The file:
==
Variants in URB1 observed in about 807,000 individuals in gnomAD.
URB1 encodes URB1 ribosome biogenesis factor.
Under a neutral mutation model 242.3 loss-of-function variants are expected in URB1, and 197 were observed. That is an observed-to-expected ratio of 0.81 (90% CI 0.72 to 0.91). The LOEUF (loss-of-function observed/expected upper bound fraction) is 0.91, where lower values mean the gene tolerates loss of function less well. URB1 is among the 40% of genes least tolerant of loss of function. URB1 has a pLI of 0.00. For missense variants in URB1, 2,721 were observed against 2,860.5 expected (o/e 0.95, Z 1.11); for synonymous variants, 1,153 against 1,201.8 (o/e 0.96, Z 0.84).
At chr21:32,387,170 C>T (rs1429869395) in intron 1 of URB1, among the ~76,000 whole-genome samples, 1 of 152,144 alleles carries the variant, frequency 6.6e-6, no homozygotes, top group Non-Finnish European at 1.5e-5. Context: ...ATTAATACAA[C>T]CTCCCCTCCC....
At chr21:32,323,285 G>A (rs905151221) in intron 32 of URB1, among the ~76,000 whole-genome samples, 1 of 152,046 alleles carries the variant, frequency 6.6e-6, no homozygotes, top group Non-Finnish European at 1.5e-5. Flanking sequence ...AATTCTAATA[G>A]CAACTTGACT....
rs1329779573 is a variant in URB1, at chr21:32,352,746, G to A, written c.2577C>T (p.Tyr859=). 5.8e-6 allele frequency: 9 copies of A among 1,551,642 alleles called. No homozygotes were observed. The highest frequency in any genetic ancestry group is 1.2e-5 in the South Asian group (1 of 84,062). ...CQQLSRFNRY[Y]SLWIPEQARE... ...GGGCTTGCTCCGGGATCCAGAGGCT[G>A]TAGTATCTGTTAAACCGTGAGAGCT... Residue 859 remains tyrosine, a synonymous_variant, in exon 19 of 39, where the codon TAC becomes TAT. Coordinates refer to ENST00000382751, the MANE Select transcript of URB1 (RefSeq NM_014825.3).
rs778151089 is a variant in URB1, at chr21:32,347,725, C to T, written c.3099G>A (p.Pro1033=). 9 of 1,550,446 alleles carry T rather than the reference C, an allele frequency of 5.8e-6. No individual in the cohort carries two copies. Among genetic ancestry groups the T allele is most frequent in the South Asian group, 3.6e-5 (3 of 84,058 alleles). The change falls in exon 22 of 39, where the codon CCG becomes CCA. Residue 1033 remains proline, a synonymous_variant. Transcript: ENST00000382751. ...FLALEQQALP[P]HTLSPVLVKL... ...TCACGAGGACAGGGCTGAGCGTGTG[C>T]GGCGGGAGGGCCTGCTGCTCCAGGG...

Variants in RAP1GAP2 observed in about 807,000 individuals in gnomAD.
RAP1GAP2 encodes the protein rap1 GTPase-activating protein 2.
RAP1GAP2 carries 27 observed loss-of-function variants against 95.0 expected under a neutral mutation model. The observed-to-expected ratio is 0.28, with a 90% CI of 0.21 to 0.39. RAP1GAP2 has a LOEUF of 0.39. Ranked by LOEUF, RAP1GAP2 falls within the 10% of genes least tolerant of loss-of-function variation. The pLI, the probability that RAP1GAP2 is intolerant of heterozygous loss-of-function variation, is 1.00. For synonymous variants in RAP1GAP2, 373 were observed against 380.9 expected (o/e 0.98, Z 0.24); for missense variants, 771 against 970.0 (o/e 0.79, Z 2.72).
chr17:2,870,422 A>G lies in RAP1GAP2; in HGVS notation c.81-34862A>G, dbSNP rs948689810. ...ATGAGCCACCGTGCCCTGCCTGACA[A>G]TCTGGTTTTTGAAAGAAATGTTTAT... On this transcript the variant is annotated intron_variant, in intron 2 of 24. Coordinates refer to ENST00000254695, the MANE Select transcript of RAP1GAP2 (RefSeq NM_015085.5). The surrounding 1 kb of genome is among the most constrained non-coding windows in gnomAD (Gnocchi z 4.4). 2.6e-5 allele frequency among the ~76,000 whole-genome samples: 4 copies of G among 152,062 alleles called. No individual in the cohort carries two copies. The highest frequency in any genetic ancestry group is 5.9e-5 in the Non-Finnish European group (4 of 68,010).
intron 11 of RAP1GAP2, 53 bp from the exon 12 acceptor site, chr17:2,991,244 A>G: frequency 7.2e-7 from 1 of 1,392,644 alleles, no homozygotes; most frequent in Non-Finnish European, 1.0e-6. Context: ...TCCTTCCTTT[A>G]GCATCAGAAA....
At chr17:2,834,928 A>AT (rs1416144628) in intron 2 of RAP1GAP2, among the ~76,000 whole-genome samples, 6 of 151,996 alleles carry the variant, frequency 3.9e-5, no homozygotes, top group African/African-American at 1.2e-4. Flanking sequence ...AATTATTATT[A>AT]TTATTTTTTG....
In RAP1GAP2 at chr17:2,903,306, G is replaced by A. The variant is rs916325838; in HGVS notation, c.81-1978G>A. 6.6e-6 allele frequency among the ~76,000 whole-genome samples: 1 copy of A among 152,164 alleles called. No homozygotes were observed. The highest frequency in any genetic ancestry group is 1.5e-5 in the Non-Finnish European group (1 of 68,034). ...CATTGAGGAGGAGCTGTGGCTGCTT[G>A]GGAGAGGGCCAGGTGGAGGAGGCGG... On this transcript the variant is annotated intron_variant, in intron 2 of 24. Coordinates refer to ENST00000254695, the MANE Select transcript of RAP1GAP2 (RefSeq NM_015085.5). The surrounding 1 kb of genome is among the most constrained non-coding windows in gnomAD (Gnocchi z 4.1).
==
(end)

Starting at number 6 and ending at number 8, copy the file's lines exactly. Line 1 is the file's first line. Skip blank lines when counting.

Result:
rs1329779573 is a variant in URB1, at chr21:32,352,746, G to A, written c.2577C>T (p.Tyr859=). 5.8e-6 allele frequency: 9 copies of A among 1,551,642 alleles called. No homozygotes were observed. The highest frequency in any genetic ancestry group is 1.2e-5 in the South Asian group (1 of 84,062). ...CQQLSRFNRY[Y]SLWIPEQARE... ...GGGCTTGCTCCGGGATCCAGAGGCT[G>A]TAGTATCTGTTAAACCGTGAGAGCT... Residue 859 remains tyrosine, a synonymous_variant, in exon 19 of 39, where the codon TAC becomes TAT. Coordinates refer to ENST00000382751, the MANE Select transcript of URB1 (RefSeq NM_014825.3).
rs778151089 is a variant in URB1, at chr21:32,347,725, C to T, written c.3099G>A (p.Pro1033=). 9 of 1,550,446 alleles carry T rather than the reference C, an allele frequency of 5.8e-6. No individual in the cohort carries two copies. Among genetic ancestry groups the T allele is most frequent in the South Asian group, 3.6e-5 (3 of 84,058 alleles). The change falls in exon 22 of 39, where the codon CCG becomes CCA. Residue 1033 remains proline, a synonymous_variant. Transcript: ENST00000382751. ...FLALEQQALP[P]HTLSPVLVKL... ...TCACGAGGACAGGGCTGAGCGTGTG[C>T]GGCGGGAGGGCCTGCTGCTCCAGGG...

Variants in RAP1GAP2 observed in about 807,000 individuals in gnomAD.